A billboard posted on Utah Transit Authority buses enticing Utahns to "Ski the Other Alta - Alta, Wyoming" is receiving a chilly reception.
"It's similar to a state car having a bumper sticker advertising Disneyland," House Speaker Nolan Karras, R-Roy, told the Deseret News.UTA officials, in response, ask whether it would be fair for Utah to prohibit out-of-state advertisements while other states accept billboards touting Utah's tourist attractions. The advertising dollars keep UTA bus fares among the lowest in the nation, they say.
Lawmakers expressed their concern about the billboard that promotes economic development outside Utah in a letter scolding tax-subsidized UTA. The letter, signed by the leaders of the House of Representatives, says, "This is in direct competition with Utah business interests, i.e., tourism and the skiing industry."
The legislators asked UTA General Manager John Pingree why - at a time when tax dollars are being spent to promote Utah industry - is UTA promoting another state's economy? They asked UTA to review its advertisement policies.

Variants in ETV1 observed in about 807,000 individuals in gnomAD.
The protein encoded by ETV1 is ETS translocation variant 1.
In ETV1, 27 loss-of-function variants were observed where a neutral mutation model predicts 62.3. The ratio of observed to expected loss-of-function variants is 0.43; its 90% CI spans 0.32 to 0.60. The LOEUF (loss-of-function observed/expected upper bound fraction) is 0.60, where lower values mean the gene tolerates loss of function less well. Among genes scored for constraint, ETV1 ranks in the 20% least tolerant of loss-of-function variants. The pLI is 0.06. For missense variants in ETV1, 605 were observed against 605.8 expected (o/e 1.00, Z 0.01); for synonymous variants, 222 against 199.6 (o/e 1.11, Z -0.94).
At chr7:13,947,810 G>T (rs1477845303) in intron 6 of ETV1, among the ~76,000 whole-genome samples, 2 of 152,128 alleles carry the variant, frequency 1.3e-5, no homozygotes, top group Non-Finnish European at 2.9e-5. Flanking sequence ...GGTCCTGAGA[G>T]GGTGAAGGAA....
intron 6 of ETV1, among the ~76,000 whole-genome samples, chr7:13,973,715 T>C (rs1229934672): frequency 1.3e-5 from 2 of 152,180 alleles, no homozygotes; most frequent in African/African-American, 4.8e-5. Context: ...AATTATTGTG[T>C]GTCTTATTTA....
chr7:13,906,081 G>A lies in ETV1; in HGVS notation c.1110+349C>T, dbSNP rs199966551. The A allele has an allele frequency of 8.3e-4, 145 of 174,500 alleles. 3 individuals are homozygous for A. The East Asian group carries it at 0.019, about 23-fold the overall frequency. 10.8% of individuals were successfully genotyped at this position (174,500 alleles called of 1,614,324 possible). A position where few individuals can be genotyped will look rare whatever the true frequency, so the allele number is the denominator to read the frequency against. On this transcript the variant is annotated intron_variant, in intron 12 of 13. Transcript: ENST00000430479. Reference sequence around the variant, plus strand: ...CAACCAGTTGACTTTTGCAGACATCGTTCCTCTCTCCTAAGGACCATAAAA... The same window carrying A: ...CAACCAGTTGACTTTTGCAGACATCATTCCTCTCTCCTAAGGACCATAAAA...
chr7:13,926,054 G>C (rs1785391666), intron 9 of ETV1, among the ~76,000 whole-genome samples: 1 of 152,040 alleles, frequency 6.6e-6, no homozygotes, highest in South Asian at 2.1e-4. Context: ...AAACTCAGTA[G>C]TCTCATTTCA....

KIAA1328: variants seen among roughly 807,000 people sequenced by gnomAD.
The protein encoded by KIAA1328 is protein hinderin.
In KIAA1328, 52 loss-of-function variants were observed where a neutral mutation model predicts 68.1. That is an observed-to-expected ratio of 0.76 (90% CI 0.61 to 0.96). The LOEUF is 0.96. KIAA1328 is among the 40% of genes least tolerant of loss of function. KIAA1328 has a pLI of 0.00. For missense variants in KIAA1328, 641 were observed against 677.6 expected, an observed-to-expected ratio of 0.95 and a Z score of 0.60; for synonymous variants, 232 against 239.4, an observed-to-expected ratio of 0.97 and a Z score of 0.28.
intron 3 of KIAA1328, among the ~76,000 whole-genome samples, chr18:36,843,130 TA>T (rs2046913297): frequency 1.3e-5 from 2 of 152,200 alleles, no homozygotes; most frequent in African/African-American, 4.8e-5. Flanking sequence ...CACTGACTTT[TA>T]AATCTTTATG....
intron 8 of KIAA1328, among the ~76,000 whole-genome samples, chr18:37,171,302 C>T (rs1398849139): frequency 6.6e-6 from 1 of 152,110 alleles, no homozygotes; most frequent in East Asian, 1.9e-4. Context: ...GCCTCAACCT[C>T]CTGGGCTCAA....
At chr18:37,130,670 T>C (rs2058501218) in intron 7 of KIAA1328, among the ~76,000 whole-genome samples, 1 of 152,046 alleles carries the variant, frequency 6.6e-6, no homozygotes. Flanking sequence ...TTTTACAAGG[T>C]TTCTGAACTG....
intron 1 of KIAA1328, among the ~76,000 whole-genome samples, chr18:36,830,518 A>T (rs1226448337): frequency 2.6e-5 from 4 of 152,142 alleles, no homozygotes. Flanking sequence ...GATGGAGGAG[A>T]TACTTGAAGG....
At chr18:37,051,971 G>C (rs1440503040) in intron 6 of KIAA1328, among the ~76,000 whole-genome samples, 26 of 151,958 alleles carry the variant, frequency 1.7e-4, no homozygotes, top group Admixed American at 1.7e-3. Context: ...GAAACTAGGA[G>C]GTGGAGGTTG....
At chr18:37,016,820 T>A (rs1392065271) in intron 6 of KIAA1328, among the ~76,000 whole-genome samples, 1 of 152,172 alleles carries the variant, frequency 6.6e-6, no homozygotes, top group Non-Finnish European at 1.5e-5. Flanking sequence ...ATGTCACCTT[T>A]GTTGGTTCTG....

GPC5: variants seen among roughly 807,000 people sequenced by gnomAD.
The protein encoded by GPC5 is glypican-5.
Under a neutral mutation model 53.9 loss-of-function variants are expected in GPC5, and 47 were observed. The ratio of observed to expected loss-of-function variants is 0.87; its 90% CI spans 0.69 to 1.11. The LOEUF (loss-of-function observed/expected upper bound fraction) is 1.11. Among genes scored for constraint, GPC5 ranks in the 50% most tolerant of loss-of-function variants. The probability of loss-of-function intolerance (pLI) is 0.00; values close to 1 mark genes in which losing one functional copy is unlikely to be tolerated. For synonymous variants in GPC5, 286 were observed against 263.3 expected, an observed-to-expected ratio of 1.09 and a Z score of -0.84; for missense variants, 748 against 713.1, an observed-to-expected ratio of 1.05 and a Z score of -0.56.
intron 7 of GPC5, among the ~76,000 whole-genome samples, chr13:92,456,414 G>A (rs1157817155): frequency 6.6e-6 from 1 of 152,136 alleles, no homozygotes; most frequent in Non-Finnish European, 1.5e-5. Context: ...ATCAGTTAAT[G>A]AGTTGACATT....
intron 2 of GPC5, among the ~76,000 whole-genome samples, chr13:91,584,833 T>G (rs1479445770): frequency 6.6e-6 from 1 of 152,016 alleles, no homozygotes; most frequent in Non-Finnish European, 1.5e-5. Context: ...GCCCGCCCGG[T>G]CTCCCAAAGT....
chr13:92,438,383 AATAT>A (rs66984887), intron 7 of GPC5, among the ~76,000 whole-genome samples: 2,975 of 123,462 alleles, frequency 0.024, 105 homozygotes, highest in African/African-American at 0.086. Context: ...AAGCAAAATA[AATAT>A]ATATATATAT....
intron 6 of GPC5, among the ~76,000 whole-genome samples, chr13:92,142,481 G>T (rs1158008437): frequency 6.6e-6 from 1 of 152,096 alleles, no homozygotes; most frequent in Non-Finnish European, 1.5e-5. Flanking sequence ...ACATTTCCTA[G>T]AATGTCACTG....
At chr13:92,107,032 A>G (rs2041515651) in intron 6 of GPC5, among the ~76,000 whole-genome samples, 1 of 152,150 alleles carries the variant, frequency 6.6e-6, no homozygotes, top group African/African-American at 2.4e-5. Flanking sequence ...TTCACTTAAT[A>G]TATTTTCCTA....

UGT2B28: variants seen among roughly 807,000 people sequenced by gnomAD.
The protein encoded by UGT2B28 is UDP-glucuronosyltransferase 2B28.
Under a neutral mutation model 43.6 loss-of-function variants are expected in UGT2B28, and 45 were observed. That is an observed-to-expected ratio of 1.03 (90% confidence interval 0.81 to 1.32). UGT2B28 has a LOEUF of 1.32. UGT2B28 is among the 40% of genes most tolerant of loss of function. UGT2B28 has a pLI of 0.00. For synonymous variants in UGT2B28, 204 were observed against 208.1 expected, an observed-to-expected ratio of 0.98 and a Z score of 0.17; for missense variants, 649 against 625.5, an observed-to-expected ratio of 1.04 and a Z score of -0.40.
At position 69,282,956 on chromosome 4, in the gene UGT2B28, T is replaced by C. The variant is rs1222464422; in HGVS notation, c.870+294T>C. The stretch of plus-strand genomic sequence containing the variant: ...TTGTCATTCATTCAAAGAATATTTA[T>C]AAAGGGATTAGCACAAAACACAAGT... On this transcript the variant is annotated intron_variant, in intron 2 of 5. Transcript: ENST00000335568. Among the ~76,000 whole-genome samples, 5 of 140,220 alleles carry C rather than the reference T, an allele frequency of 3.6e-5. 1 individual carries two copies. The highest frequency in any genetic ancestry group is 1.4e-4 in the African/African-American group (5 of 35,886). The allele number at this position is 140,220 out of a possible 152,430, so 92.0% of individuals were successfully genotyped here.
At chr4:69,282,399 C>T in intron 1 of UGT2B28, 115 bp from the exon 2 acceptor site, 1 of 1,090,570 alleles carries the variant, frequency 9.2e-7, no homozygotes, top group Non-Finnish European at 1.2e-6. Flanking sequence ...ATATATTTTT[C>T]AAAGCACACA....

Rep. Dionne Halverson, D-Ogden, initiated the letter campaign.
After a thorough review of policies by the UTA governing board, the citizen committee has unanimously affirmed its current policy. In a letter to Karras, Pingree said that out-of-state advertisement will continue to be accepted based on these reasons:
-Because Utah spends $2,627,800 of taxpayer's money for advertising tourism outside our state, no offense should be taken if UTA accepts its share of $4,800 of ad revenues spent by a Wyoming ski resort.
-UTA's written advertising policy is non-discriminatory and permits and encourages the free expression of ideas as protected by the First Amendment.
-Bus advertising revenues should be maximized as a means of generating outside income to offset operating cost for the benefit of taxpayers.
-The UTA board has never adopted a policy that would limit bus advertising to Utah-owned companies. "Such a policy, we believe, is contrary to law and would be objectionable to most Utahns."
-Alta resort officials are not offended by the billboard because Alta, Utah, is mentioned in the ad as frequently as Alta, Wyoming.
"Since Utah ski resorts spend thousands of dollars in advertising in other states, they are not troubled by another out-of-state ski resort, even though a competitor, spending money in Utah," Pingree states.
In politely worded return volley, Pingree invited legislators to spend some of the $435,000 allocated for in-state promotion on in-state UTA bus billboards.
"If I had my druthers," said Karras, "I would only have in-state promotions on UTA buses. But I do understand UTA's point of view."
Lawmakers accomplished their objective by raising the question of the appropriate use of tax money.